The Strangers: Chapter 1 (2024) Movie Review:

Bryan Bertino’s original story treatment hinted very much at the strife of a couple caught at a crossroads. Kristen’s refusal to marry James adds strain and complexity to the relationship between two people who are very much in love with each other but are also lost in a mire of confusion. Their sojourn to James’ uncle’s cabin initially had been the destination to retire post-engagement, but after the refusal, it became their refuge towards each other.

The suddenness of the attack by the masked strangers in that house is terrifying because Bertino chose these already sensitized and emotionally vulnerable individuals to be ratcheted up by sheer paranoia. Thus, filmmaking utilizing a limited budget and a singular location focuses more on the atmosphere and creepiness of the entire endeavor. The result is a singularly nihilistic movie that, post-9/11, perfectly captures the dread experienced by American suburbia—the fear of being invaded at any moment for no rhyme or reason.

Read More: Knock at the Cabin (2023) Review – A lean thriller that doubles down as a cautionary climate change allegory

The relaunch takes the skeleton but also chooses to hint at backstories and lore and to develop the overall mythology of the franchise. However, the biggest misstep the movie takes is foregoing the nihilism and bleakness of the first film and choosing instead to go the traditional route. The happy couple is stranded in a remote location and is forced to defend themselves from masked home invaders. That is arguably interesting from a framework perspective, but to hint at a conservative angle and thus recontextualize the entire events of the movie as a twisted form of punishment by the town’s inhabitants robs it of mystique and unpredictability.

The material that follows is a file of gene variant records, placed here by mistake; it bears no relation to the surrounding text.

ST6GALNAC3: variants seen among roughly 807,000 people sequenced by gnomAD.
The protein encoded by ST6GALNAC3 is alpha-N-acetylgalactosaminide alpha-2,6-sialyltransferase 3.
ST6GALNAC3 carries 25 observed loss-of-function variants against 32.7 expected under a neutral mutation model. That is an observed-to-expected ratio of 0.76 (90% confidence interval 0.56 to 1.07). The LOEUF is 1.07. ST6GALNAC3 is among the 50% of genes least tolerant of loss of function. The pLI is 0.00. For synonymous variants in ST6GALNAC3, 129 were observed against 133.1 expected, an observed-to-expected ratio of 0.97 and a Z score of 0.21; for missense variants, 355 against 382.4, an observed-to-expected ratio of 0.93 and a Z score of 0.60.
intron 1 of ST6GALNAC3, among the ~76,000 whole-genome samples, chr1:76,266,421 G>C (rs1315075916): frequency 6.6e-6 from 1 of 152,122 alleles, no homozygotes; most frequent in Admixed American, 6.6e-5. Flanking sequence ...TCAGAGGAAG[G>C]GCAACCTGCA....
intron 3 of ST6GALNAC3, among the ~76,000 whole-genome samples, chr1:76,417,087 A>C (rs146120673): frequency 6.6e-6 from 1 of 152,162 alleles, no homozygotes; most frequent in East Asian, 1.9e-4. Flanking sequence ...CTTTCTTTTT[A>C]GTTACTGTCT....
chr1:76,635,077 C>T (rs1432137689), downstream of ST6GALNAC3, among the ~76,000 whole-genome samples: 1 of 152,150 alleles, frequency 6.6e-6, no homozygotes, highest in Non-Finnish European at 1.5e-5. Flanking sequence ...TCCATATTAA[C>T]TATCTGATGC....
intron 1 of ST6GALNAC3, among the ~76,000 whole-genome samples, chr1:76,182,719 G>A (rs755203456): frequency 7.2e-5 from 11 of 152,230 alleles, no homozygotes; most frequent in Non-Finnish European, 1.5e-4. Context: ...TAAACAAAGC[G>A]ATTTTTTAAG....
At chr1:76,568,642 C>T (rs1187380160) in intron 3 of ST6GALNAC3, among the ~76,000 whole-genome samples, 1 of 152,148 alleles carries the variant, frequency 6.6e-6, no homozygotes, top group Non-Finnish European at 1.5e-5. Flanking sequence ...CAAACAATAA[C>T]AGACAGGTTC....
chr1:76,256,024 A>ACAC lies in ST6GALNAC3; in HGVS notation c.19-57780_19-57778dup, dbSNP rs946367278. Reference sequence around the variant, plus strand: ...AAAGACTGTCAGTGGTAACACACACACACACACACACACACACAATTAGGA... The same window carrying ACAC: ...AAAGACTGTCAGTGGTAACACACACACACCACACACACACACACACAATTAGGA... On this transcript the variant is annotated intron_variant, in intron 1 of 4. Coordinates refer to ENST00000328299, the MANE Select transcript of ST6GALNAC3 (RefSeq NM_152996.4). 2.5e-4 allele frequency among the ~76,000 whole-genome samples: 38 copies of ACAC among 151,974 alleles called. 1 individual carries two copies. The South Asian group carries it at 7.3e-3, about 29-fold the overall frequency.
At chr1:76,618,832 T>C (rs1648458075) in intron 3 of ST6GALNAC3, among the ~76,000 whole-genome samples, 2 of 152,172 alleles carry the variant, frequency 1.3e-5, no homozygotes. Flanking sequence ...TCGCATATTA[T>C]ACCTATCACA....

If one chooses to forego the comparative analysis, as a standalone horror movie, “The Strangers: Chapter 1” fails to impress. Harlin’s direction doesn’t allow for extended build-up, or jump scares effective enough to provide thrills. The characters themselves aren’t developed enough, even at a basic archetypal level, to consider whether their actions are inane simply because of plot contrivances or because of choices made by the character. The camera work and even the lighting only reinforce the remoteness of the overall film, which fails to conjure even a modicum of suspense. When every event feels like plot beat upon plot beat worked atop the other, with no emotional undercurrent flowing through, even moments of horror start to feel overly manufactured, and thus, the conviction necessary to give in to that world falls away.

The Strangers: Chapter 1 (2024) Movie Trailer

The Strangers: Chapter 1 (2024) Movie Links: IMDb, Rotten Tomatoes, Letterboxd
Cast of The Strangers: Chapter 1 (2024) Movie: Madelaine Petsch, Froy Gutierrez, Gabriel Basso, Ema Horvath, Richard Brake, Rachel Shenton
The Strangers: Chapter 1 (2024) Movie Genre: Horror, Thriller | Runtime: 1h 31 Mins
Where to watch The Strangers: Chapter 1